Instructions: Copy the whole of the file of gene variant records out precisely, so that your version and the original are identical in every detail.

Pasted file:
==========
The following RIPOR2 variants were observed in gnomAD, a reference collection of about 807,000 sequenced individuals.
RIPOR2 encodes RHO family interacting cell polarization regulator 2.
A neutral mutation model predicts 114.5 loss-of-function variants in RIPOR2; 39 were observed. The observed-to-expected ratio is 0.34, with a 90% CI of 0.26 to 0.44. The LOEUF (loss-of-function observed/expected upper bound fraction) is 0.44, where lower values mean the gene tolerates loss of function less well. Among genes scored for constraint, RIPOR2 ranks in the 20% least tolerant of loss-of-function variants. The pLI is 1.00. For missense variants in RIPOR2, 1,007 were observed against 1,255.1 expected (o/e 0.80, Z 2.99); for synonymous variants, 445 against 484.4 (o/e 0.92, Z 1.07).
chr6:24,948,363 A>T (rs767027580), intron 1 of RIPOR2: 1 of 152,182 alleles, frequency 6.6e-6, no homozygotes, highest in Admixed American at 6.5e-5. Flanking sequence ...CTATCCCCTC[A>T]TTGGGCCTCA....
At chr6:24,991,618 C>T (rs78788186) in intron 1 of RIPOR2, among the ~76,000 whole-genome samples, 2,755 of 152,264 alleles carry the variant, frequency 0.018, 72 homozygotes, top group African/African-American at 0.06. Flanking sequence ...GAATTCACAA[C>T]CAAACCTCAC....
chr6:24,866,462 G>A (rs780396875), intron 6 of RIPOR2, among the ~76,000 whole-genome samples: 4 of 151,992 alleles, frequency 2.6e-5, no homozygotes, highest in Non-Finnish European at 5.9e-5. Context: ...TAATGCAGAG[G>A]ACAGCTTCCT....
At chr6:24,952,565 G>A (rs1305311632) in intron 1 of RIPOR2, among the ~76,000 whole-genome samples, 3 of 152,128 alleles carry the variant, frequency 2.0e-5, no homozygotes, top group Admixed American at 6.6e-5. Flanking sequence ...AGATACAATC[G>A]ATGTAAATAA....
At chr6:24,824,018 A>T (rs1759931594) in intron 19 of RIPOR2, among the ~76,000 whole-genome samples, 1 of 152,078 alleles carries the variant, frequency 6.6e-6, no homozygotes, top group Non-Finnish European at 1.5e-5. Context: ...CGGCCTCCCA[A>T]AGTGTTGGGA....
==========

The following RIPOR2 variants were observed in gnomAD, a reference collection of about 807,000 sequenced individuals.
RIPOR2 encodes RHO family interacting cell polarization regulator 2.
A neutral mutation model predicts 114.5 loss-of-function variants in RIPOR2; 39 were observed. The observed-to-expected ratio is 0.34, with a 90% CI of 0.26 to 0.44. The LOEUF (loss-of-function observed/expected upper bound fraction) is 0.44, where lower values mean the gene tolerates loss of function less well. Among genes scored for constraint, RIPOR2 ranks in the 20% least tolerant of loss-of-function variants. The pLI is 1.00. For missense variants in RIPOR2, 1,007 were observed against 1,255.1 expected (o/e 0.80, Z 2.99); for synonymous variants, 445 against 484.4 (o/e 0.92, Z 1.07).
chr6:24,948,363 A>T (rs767027580), intron 1 of RIPOR2: 1 of 152,182 alleles, frequency 6.6e-6, no homozygotes, highest in Admixed American at 6.5e-5. Flanking sequence ...CTATCCCCTC[A>T]TTGGGCCTCA....
At chr6:24,991,618 C>T (rs78788186) in intron 1 of RIPOR2, among the ~76,000 whole-genome samples, 2,755 of 152,264 alleles carry the variant, frequency 0.018, 72 homozygotes, top group African/African-American at 0.06. Flanking sequence ...GAATTCACAA[C>T]CAAACCTCAC....
chr6:24,866,462 G>A (rs780396875), intron 6 of RIPOR2, among the ~76,000 whole-genome samples: 4 of 151,992 alleles, frequency 2.6e-5, no homozygotes, highest in Non-Finnish European at 5.9e-5. Context: ...TAATGCAGAG[G>A]ACAGCTTCCT....
At chr6:24,952,565 G>A (rs1305311632) in intron 1 of RIPOR2, among the ~76,000 whole-genome samples, 3 of 152,128 alleles carry the variant, frequency 2.0e-5, no homozygotes, top group Admixed American at 6.6e-5. Flanking sequence ...AGATACAATC[G>A]ATGTAAATAA....
At chr6:24,824,018 A>T (rs1759931594) in intron 19 of RIPOR2, among the ~76,000 whole-genome samples, 1 of 152,078 alleles carries the variant, frequency 6.6e-6, no homozygotes, top group Non-Finnish European at 1.5e-5. Context: ...CGGCCTCCCA[A>T]AGTGTTGGGA....